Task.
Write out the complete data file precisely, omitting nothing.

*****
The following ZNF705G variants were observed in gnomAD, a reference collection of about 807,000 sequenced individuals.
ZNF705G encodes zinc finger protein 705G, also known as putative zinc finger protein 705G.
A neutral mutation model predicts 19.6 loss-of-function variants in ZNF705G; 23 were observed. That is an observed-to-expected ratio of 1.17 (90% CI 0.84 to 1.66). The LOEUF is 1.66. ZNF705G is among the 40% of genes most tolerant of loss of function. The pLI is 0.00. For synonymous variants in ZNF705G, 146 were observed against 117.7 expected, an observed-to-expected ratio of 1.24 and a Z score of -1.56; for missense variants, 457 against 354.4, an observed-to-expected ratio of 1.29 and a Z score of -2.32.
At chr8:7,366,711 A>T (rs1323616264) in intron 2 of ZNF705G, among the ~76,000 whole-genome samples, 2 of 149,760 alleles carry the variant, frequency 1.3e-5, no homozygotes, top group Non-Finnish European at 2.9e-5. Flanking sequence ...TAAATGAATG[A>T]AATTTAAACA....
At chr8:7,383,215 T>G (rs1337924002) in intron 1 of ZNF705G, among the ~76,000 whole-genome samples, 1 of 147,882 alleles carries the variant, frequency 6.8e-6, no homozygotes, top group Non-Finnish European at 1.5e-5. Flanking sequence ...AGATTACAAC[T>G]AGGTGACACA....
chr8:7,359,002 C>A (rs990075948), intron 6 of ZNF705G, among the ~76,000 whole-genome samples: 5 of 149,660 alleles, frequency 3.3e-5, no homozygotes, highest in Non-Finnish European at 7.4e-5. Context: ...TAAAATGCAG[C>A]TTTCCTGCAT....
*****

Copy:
The following ZNF705G variants were observed in gnomAD, a reference collection of about 807,000 sequenced individuals.
ZNF705G encodes zinc finger protein 705G, also known as putative zinc finger protein 705G.
A neutral mutation model predicts 19.6 loss-of-function variants in ZNF705G; 23 were observed. That is an observed-to-expected ratio of 1.17 (90% CI 0.84 to 1.66). The LOEUF is 1.66. ZNF705G is among the 40% of genes most tolerant of loss of function. The pLI is 0.00. For synonymous variants in ZNF705G, 146 were observed against 117.7 expected, an observed-to-expected ratio of 1.24 and a Z score of -1.56; for missense variants, 457 against 354.4, an observed-to-expected ratio of 1.29 and a Z score of -2.32.
At chr8:7,366,711 A>T (rs1323616264) in intron 2 of ZNF705G, among the ~76,000 whole-genome samples, 2 of 149,760 alleles carry the variant, frequency 1.3e-5, no homozygotes, top group Non-Finnish European at 2.9e-5. Flanking sequence ...TAAATGAATG[A>T]AATTTAAACA....
At chr8:7,383,215 T>G (rs1337924002) in intron 1 of ZNF705G, among the ~76,000 whole-genome samples, 1 of 147,882 alleles carries the variant, frequency 6.8e-6, no homozygotes, top group Non-Finnish European at 1.5e-5. Flanking sequence ...AGATTACAAC[T>G]AGGTGACACA....
chr8:7,359,002 C>A (rs990075948), intron 6 of ZNF705G, among the ~76,000 whole-genome samples: 5 of 149,660 alleles, frequency 3.3e-5, no homozygotes, highest in Non-Finnish European at 7.4e-5. Context: ...TAAAATGCAG[C>A]TTTCCTGCAT....